Clause 32 - Ballot paper design

Electoral Administration Bill – in a Public Bill Committee am 1:00 pm ar 17 Tachwedd 2005.

Danfonwch hysbysiad imi am ddadleuon fel hyn

Photo of Jonathan Djanogly Jonathan Djanogly Shadow Minister (Business, Innovation and Skills), Shadow Minister (Justice), Shadow Solicitor General 1:00, 17 Tachwedd 2005

I beg to move amendment No. 59, in clause 32, page 40, line 17, at end insert:

', following consultation with and agreement from all registered political parties (as defined in Schedule 1 (6A) of the Representation of the People Act 1983)'.

Photo of Derek Conway Derek Conway Ceidwadwyr, Old Bexley and Sidcup

With this it will be convenient to discuss the following amendments:

No. 30, in clause 32, page 40, line 25, at end insert—

'(5) The Secretary of State shall by order prescribe a minimum size or sizes of typeface to be used on ballot papers.'.

No. 60, in clause 32, page 40, line 25, at end insert—

'(d) No regulations are to be made under the provisions of this clause unless a draft of the regulation has been laid before Parliament and approved by a resolution of each House.'.

Photo of Jonathan Djanogly Jonathan Djanogly Shadow Minister (Business, Innovation and Skills), Shadow Minister (Justice), Shadow Solicitor General

I shall discuss amendments Nos. 59 and 60 together, as they combine to produce our intended result. The style and content of ballot papers is prescribed by statute. The current design of ballot papers for first-past-the-post elections is widely accepted as being easy to understand. There are long-standing issues about the use of the official mark, which has to be applied by hand to each ballot paper at the polling station under rule 37 of the parliamentary election rules.

The procedure dates from the Ballot Act 1872. On occasion, votes have been invalid because of human error in failing to apply the official mark. That was a feature of the election petition at Winchester after the 1997 general election. For some years, there has been disquiet about the policy of numbering ballot papers and counterfoils, in case the two are combined to facilitate vote tracing other than in the context of an election petition or criminal investigation, although counterfoils can be used to trace electoral offences.  

That issue was explored in 1997 by the Home Affairs Committee, which supported a limited view that the system played little part in the prevention of personation, and that concerns about possible abuse of the system by state agencies outweighed other considerations. The Electoral Reform Society evidence considered that the existing system should be maintained because of its use in local government elections on a number of occasions to uncover fraud. The issue was raised again by the Organisation for Security and Co-Operation in Europe report on the 2005 election, which recommended the abolition of serial numbers on ballot papers. The Government response to that report set out the justifications for the current approach.

The Electoral Commission made proposals to improve the security aspects of ballot papers in its policy report ''Equal access to democracy'', summarised in ''Voting for change—An electoral law modernisation programme''. It recommended the use of bar codes in place of serial numbers on ballot papers for detection of fraud, and watermarks in place of the official mark to reduce the scope for human error to invalidate the vote cast. The Government response accepted both proposals. The Department for Constitutional Affairs paper of May 2005 announced proposals to change the design of ballot papers in order to improve security. The proposed changes were to improve security markings on ballot papers through watermarks or security printing and to replace serial numbers on ballot papers with bar codes, allowing fraudulent votes to be more easily identified and removed.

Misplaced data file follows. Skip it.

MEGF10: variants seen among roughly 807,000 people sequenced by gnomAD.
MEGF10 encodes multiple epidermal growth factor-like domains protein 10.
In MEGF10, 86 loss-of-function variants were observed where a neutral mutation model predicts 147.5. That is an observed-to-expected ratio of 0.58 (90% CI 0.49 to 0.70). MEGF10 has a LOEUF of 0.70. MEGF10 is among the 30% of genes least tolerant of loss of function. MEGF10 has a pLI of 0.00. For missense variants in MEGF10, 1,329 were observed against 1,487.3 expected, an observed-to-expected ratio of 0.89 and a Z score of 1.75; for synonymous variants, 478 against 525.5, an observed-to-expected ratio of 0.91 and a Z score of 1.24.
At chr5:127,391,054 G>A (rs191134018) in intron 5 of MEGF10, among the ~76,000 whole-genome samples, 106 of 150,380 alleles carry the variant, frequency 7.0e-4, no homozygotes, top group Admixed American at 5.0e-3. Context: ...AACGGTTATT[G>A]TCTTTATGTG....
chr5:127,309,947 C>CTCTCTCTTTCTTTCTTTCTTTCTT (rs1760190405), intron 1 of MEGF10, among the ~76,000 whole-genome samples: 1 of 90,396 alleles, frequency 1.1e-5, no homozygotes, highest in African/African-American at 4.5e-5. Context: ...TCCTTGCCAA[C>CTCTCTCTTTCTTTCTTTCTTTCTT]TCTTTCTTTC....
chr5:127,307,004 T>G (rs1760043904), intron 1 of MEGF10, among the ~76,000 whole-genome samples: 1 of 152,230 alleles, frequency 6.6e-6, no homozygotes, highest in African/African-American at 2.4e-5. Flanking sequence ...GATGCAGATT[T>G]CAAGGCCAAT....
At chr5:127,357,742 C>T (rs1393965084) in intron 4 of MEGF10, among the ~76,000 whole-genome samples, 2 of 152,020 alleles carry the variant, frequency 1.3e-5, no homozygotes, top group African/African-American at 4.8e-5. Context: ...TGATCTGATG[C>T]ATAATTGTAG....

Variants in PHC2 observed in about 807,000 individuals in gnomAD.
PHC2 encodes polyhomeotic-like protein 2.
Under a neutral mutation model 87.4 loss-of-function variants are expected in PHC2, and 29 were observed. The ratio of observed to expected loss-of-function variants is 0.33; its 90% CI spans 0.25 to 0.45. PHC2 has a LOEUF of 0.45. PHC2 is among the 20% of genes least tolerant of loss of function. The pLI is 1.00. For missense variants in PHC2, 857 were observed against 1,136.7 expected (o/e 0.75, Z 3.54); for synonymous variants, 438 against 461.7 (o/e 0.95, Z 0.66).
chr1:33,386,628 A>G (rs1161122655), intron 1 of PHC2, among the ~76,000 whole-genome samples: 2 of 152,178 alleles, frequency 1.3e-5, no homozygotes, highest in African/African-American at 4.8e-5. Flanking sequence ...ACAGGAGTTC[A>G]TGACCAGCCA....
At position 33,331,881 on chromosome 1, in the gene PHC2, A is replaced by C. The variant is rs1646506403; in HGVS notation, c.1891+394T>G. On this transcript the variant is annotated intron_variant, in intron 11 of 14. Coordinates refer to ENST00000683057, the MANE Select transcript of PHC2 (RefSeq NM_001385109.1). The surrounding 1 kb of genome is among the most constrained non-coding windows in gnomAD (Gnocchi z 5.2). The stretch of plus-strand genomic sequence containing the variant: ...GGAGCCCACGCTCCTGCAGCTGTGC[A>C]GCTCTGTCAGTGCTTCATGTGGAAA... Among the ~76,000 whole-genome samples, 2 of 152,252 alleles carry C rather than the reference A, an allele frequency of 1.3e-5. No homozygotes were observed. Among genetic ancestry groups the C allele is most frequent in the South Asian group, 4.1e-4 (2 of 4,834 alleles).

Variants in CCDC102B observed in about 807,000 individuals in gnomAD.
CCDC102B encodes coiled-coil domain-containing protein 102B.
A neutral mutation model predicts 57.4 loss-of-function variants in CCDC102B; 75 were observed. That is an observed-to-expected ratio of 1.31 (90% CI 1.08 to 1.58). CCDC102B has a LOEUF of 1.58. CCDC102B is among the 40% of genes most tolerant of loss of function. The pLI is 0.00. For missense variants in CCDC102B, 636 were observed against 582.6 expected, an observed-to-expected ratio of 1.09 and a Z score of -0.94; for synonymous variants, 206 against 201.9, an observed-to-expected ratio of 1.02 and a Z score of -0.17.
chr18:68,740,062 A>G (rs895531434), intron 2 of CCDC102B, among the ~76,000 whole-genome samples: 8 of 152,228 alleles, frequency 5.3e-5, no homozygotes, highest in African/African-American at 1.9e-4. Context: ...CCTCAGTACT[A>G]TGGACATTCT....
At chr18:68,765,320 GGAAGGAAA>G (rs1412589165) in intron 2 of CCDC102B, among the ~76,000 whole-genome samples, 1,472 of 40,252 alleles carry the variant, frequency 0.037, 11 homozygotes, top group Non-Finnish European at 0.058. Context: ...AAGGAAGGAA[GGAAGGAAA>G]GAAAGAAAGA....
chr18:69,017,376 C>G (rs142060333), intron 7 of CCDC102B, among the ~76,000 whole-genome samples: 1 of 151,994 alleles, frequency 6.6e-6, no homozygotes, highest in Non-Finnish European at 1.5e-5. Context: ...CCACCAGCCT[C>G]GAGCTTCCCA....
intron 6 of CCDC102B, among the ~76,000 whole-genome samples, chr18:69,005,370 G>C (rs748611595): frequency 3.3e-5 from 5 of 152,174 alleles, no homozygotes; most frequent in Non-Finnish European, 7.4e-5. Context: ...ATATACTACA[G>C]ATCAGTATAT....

The paper noted that bar coding had been used in a number of recent electoral pilots, notably in the European parliamentary elections of June 2004, local elections and the north-east assembly referendum in November 2004. Bar coding would also allow electors to check with the returning officer whether their postal votes had been received before the close of voting. It would also assist returning officers who are asked to issue replacement ballot papers to electors who had not received them. At present, that is possible only up to 5 pm on polling day.

The May 2005 policy paper also announced proposals to allow the automated production of postal vote documents that did not look identical to the ballot paper. That has been the subject of a number of pilots. At present, statutory requirements ensure that postal ballots are identical to those cast at polling stations. The policy paper says:

''The law as it stands was originally designed to ensure that the rare postal vote did not stand out against the ones cast at the polling station which would potentially allow people to identify how someone voted''.

Clause 32 amends the provisions on the design of ballot papers to allow for two columns of named candidates in elections with several candidates. It allows the Secretary of State to make regulations on ballot paper design so that primary legislation is no longer required to make changes. I see that the   Minister of State is busily preparing herself for her response to the debate.

We accept many of the suggested security improvements to ballot papers. Our amendments seek to avoid giving the Secretary of State such a wide power to decide on the nature and design of ballot papers without parliamentary approval. Amendment No. 59 would require consultation with all registered political parties before the Secretary of State could prescribe a different form of ballot paper. Amendment No. 60 would require regulations made under these provisions to be laid before Parliament and approved by the resolution of each House.

Photo of Jim McGovern Jim McGovern Llafur, Dundee West 1:15, 17 Tachwedd 2005